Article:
Suicide is a grave public sin. It is an offense against God’s generosity and an insult to those whom we should hold dear. According to the authoritative 1662 edition of the Church of England’s Book of Common Prayer, those who have laid violent hands upon themselves are not to receive the public funeral service of the church which is due believers. Such persons are denied burial in a church graveyard. When I was in first grade (1956?), the parent of a fellow student died. There was never another word said, but I learned later that the secrecy surrounding this death was because it involved suicide. There was once a very strong public attitude opposing this awful act, but we have changed.

You are probably saying right now that you are mighty pleased that our attitudes are much more enlightened and that we are not bound by the cruelty of a previous time. You are, to some extent, correct in your understanding. Let’s walk through this and sort things out.

The Prayer Book editors were correct to put a high sanction against the taking of one’s own life. They did not know it all, however. There are real facts concerning mental illness that are known and understood. To sanction a formerly depressed member makes as much sense as punishing somebody for having diabetes. There is a pastoral issue at work here and things will get a little dicey. Somebody who is known by his clergyman to be under a doctor’s care, getting therapy or taking drugs is plainly ill and entitled to the public rites accorded to those who are joined to the Body of Christ. While that probably does not apply to Mr. Williams public profession (I am deliberately being excessively generous), It could. His medical situation certainly tells us that the decision-making process was not working correctly.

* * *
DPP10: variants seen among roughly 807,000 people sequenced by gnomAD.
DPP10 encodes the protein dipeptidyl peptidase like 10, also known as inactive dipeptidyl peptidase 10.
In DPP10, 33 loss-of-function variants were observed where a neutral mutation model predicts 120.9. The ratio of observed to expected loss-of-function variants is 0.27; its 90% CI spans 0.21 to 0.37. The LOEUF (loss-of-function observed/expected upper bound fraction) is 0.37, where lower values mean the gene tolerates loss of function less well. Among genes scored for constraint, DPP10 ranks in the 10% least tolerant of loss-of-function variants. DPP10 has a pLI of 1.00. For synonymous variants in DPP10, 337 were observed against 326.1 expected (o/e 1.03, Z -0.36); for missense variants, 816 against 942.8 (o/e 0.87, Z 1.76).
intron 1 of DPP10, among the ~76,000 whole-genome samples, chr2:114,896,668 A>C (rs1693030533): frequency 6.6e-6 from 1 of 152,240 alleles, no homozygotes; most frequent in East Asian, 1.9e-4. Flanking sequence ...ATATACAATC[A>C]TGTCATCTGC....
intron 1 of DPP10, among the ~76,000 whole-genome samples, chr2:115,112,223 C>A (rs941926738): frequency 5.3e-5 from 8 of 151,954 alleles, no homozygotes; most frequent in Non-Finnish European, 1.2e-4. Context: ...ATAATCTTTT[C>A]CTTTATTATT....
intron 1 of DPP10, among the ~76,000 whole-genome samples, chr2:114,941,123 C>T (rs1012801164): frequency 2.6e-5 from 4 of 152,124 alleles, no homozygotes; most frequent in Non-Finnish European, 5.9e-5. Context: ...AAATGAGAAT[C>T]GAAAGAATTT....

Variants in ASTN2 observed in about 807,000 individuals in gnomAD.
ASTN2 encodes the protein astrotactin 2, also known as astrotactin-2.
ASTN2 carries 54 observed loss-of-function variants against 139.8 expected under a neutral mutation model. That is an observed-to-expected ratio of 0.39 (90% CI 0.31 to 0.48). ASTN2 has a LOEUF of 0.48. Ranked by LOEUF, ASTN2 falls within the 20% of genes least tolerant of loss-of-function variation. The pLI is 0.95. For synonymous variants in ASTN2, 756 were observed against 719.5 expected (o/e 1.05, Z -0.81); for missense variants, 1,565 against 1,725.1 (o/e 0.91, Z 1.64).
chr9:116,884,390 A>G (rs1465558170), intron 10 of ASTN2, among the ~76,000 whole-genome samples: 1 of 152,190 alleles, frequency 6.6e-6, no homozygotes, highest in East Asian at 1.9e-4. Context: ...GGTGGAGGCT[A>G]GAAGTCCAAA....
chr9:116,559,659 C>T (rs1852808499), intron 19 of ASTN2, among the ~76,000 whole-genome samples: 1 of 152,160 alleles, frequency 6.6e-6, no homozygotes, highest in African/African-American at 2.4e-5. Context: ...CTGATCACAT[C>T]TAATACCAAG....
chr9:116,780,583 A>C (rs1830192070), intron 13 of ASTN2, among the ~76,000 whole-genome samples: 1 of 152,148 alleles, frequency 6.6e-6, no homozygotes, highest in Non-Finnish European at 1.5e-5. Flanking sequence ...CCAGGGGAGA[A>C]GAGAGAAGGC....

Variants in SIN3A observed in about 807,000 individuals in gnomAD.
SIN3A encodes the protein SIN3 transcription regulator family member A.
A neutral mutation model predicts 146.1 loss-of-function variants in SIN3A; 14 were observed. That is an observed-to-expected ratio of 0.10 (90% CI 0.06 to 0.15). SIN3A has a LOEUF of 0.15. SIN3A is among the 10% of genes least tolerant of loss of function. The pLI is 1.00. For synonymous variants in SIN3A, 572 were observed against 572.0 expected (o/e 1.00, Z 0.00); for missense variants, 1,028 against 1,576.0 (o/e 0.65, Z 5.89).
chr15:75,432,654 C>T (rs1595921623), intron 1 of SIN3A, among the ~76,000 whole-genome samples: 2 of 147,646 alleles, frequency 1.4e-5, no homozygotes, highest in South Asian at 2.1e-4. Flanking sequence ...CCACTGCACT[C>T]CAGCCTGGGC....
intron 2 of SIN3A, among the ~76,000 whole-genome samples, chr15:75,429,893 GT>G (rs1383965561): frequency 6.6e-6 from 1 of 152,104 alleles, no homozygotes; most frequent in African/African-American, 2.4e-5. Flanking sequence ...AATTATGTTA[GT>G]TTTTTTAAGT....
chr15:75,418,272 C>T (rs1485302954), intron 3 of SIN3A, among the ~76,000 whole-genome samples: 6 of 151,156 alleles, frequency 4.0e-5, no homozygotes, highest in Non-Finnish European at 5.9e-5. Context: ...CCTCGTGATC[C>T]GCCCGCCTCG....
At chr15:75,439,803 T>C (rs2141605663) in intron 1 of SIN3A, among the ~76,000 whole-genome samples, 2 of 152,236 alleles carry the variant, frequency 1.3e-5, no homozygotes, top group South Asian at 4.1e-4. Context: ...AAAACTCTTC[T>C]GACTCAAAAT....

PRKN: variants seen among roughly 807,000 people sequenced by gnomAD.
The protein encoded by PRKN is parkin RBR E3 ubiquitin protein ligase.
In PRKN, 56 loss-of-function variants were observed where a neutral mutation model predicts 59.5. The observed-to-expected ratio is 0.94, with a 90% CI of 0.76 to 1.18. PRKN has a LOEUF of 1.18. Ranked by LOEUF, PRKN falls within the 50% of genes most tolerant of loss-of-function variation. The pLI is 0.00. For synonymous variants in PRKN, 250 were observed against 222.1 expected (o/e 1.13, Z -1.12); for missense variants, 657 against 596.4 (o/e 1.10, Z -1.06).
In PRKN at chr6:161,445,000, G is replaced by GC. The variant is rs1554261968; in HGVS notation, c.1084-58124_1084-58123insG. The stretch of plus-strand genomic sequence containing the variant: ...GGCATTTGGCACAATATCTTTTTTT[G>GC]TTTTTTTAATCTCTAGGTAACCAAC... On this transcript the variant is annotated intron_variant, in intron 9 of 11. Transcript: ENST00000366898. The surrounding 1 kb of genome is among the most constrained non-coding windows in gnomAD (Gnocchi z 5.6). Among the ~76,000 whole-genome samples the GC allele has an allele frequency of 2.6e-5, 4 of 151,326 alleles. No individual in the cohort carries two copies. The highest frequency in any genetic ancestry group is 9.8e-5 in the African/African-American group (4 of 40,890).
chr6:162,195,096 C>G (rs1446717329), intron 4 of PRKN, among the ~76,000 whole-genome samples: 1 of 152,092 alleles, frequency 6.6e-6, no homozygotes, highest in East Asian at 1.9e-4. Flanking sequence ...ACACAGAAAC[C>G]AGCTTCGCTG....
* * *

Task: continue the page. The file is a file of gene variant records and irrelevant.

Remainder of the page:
Murder-suicide is another area and you can probably imagine how one might want to escape responsibility for taking life. No person who has done such a thing should receive a funeral or burial by the church. How can one say that the departed is laid to rest “in sure and certain hope” of the resurrection, except that they do not believe the words in the first place. Let us be clear that a minister may conduct services designed to comfort family and friends of non-believers and those who have committed serious public sins, but they should not pretend that the deceased is a believer or commended “in sure and certain hope.” As the church enters a difficult phase, it is most necessary to publicly profess the apostolic faith and to maintain integrity.

No matter Robin Williams’ attitude toward God, the Lord above is full of grace and mercy. None of us are fit to judge another person.


Passing on the Faith: Anglicanism’s advantages

August 1, 2014